In yesterday's Sunday School class, I was introduced to Marva Dawn's book "Truly the Church" (a study of Romans 12). As the teacher read to us, I was struck by Dawn's premise that Christians should be full of hilarity, a concept she draws from the phrase in verse 8 which in the context of spiritual gifts states: "if (one's gift) is showing mercy, let him do it cheerfully." I've always interpreted this phrase as meaning one shouldn't give up on being merciful and become grumpy with the task. Since mercy is reaching out to those in pain or difficulty, it can be wearisome, taking its toll on the one extending mercy, like taking out the daily trash, only more so. So I assumed Paul was saying, "Hey, don't complain, just keep at it!"
But Dawn states that the idea of cheerfulness here comes from the Greek word which is also the root for our English word "Hilarious." And that this hilarity is anchored in the deep, deep conviction that a Good and Powerful God is in control. Instead of seeing the mercy-giver as one who is obediently plugging along, the picture that comes to mind is being rescued by someone strong and ebullient.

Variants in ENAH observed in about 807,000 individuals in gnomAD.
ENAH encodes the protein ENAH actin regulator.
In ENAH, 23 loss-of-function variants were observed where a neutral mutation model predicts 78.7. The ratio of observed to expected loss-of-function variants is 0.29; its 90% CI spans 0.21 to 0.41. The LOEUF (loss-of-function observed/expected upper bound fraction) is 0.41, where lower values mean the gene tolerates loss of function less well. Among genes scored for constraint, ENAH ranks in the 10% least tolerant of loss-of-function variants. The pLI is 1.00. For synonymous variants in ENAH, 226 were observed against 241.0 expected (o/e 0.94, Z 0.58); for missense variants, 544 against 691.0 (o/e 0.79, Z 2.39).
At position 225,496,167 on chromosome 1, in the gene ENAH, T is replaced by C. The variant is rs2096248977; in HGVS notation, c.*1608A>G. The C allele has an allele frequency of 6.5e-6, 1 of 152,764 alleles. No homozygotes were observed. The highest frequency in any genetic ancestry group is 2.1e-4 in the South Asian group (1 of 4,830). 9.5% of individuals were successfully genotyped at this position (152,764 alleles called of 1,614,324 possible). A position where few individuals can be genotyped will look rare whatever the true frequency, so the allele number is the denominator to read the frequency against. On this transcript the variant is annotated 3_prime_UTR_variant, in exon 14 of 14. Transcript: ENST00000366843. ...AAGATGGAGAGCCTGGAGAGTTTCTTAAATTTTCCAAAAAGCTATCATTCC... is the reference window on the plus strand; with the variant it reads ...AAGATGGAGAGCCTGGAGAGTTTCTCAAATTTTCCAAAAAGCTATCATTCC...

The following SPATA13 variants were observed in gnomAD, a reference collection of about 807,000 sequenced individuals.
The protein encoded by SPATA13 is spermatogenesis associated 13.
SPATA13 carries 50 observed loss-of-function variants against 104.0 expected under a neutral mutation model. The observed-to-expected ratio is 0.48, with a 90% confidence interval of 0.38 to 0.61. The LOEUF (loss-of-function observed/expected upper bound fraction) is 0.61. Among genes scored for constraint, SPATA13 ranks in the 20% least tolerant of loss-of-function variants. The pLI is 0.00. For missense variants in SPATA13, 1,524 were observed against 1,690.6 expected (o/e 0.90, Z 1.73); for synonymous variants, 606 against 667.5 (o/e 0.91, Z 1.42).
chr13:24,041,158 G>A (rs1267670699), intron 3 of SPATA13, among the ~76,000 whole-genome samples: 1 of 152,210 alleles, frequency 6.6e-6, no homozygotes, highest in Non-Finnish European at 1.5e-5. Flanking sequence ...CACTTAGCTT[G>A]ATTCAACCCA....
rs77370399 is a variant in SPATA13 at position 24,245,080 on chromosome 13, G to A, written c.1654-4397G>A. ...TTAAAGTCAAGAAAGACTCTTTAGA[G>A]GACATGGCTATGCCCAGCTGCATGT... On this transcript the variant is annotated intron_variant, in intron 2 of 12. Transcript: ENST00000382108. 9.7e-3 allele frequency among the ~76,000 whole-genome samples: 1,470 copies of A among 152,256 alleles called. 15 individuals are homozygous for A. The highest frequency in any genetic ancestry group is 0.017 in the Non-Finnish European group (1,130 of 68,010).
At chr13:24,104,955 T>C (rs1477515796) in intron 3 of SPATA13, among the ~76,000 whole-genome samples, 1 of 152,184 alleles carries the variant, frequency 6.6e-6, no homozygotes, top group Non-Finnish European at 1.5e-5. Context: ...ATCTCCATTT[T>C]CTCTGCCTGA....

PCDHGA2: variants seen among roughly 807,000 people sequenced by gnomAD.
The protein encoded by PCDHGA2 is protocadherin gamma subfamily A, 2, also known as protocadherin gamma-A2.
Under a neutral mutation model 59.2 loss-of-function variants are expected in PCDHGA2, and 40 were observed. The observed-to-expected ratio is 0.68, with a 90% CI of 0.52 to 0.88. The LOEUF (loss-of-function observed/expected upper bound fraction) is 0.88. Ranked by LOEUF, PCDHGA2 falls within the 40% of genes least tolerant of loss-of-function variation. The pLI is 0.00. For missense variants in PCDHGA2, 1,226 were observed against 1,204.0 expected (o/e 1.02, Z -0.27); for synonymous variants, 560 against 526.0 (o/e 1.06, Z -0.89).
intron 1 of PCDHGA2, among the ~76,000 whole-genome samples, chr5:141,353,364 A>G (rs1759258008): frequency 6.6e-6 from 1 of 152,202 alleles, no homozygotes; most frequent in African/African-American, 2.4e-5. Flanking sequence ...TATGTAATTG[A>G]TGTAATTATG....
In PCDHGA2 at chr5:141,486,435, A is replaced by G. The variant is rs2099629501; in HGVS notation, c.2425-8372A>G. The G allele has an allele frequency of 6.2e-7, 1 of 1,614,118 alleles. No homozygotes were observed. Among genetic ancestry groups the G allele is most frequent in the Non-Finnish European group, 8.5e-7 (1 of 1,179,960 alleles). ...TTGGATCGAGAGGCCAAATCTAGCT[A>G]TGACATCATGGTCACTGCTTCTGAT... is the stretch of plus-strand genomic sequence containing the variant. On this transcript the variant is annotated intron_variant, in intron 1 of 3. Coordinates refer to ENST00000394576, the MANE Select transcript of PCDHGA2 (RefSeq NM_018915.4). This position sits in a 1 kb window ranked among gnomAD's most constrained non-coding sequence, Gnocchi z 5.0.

"Yes, little lady," says the huge giant of a man, his hands full of calluses, his clothes a little worn, his eyes twinkling underneath a threadbare flannel cap. The weather-worn face glows in the morning sun as he reaches down to pick me up from where I lie. I grimace. My ankle is probably swollen, maybe even broken. I've been out-of-doors since yesterday afternoon and feel weak and shaky. "We'll get you out of that trouble you're in and back to the farmhouse in a jiffy. The missus'll cook ya up some grits and eggs and bacon and hot coffee (probably put in a little brandy) and maybe a piece of pie. You hold on tight, now. Ever'thing's gonna be jus' fine."
I wonder how often my image of God includes that of hearty, confident joy as he willingly extends His limitless mercy. At Christmas, I am prone to imagine angels singing their joyful tidings like the Canterbury Cathedral Chorus, with rounded vowels and close harmonies that echo and reverberate off the stone and stained glass. Powerfully ethereal, it touches my heart. But if I think hearty, I need to go back to Whoopi Goldberg and the chorus of nuns bringing down the house with their rendition of Joyful, Joyful, We Adore Thee.
There are many flavors of joy. But when things seem desperate, we want to be saved by someone who is strong and confident. We want to piggy-back onto a profound confidence that "all is well, and all manner of things will be well" (the familiar refrain of Julian of Norwich). When we're in need of mercy, we want to be rescued by a hearty God, full of power and a deep-seated joy.